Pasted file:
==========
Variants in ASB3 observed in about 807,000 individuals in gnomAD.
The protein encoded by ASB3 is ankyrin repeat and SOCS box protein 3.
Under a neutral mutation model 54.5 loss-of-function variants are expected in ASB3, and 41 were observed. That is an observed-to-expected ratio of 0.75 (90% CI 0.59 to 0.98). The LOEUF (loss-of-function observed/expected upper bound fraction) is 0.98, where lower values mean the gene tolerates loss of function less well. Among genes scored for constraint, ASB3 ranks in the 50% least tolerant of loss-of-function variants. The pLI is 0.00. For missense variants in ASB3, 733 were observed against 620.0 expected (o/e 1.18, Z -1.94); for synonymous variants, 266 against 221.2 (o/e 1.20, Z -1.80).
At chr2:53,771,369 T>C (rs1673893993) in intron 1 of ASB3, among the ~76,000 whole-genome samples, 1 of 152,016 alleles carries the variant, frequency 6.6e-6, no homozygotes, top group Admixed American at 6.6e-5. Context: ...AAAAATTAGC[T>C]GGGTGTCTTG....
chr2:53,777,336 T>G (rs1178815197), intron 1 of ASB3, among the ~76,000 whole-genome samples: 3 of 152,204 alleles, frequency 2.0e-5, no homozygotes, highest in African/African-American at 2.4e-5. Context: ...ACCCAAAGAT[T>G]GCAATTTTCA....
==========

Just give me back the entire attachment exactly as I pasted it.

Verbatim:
Variants in ASB3 observed in about 807,000 individuals in gnomAD.
The protein encoded by ASB3 is ankyrin repeat and SOCS box protein 3.
Under a neutral mutation model 54.5 loss-of-function variants are expected in ASB3, and 41 were observed. That is an observed-to-expected ratio of 0.75 (90% CI 0.59 to 0.98). The LOEUF (loss-of-function observed/expected upper bound fraction) is 0.98, where lower values mean the gene tolerates loss of function less well. Among genes scored for constraint, ASB3 ranks in the 50% least tolerant of loss-of-function variants. The pLI is 0.00. For missense variants in ASB3, 733 were observed against 620.0 expected (o/e 1.18, Z -1.94); for synonymous variants, 266 against 221.2 (o/e 1.20, Z -1.80).
At chr2:53,771,369 T>C (rs1673893993) in intron 1 of ASB3, among the ~76,000 whole-genome samples, 1 of 152,016 alleles carries the variant, frequency 6.6e-6, no homozygotes, top group Admixed American at 6.6e-5. Context: ...AAAAATTAGC[T>C]GGGTGTCTTG....
chr2:53,777,336 T>G (rs1178815197), intron 1 of ASB3, among the ~76,000 whole-genome samples: 3 of 152,204 alleles, frequency 2.0e-5, no homozygotes, highest in African/African-American at 2.4e-5. Context: ...ACCCAAAGAT[T>G]GCAATTTTCA....